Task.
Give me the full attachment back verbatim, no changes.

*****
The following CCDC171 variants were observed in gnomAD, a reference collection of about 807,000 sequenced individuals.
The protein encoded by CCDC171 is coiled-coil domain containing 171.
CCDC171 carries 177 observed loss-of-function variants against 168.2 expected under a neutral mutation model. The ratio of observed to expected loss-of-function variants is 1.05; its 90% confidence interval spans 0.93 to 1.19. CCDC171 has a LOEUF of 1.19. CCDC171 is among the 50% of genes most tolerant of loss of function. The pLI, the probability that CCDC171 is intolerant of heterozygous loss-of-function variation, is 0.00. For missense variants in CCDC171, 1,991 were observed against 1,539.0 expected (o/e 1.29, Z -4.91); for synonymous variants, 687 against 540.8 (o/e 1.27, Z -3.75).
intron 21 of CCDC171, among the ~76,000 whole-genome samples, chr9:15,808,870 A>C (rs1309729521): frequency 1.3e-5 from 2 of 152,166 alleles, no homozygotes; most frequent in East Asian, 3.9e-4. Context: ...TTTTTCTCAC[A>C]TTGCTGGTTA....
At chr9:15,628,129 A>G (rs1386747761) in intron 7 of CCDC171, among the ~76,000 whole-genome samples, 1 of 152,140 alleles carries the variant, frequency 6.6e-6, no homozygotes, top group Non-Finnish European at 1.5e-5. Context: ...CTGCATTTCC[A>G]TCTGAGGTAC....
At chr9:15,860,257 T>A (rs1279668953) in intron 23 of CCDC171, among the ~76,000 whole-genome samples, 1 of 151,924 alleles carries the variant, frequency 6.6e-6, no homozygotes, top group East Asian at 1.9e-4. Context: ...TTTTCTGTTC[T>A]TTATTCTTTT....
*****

The following CCDC171 variants were observed in gnomAD, a reference collection of about 807,000 sequenced individuals.
The protein encoded by CCDC171 is coiled-coil domain containing 171.
CCDC171 carries 177 observed loss-of-function variants against 168.2 expected under a neutral mutation model. The ratio of observed to expected loss-of-function variants is 1.05; its 90% confidence interval spans 0.93 to 1.19. CCDC171 has a LOEUF of 1.19. CCDC171 is among the 50% of genes most tolerant of loss of function. The pLI, the probability that CCDC171 is intolerant of heterozygous loss-of-function variation, is 0.00. For missense variants in CCDC171, 1,991 were observed against 1,539.0 expected (o/e 1.29, Z -4.91); for synonymous variants, 687 against 540.8 (o/e 1.27, Z -3.75).
intron 21 of CCDC171, among the ~76,000 whole-genome samples, chr9:15,808,870 A>C (rs1309729521): frequency 1.3e-5 from 2 of 152,166 alleles, no homozygotes; most frequent in East Asian, 3.9e-4. Context: ...TTTTTCTCAC[A>C]TTGCTGGTTA....
At chr9:15,628,129 A>G (rs1386747761) in intron 7 of CCDC171, among the ~76,000 whole-genome samples, 1 of 152,140 alleles carries the variant, frequency 6.6e-6, no homozygotes, top group Non-Finnish European at 1.5e-5. Context: ...CTGCATTTCC[A>G]TCTGAGGTAC....
At chr9:15,860,257 T>A (rs1279668953) in intron 23 of CCDC171, among the ~76,000 whole-genome samples, 1 of 151,924 alleles carries the variant, frequency 6.6e-6, no homozygotes, top group East Asian at 1.9e-4. Context: ...TTTTCTGTTC[T>A]TTATTCTTTT....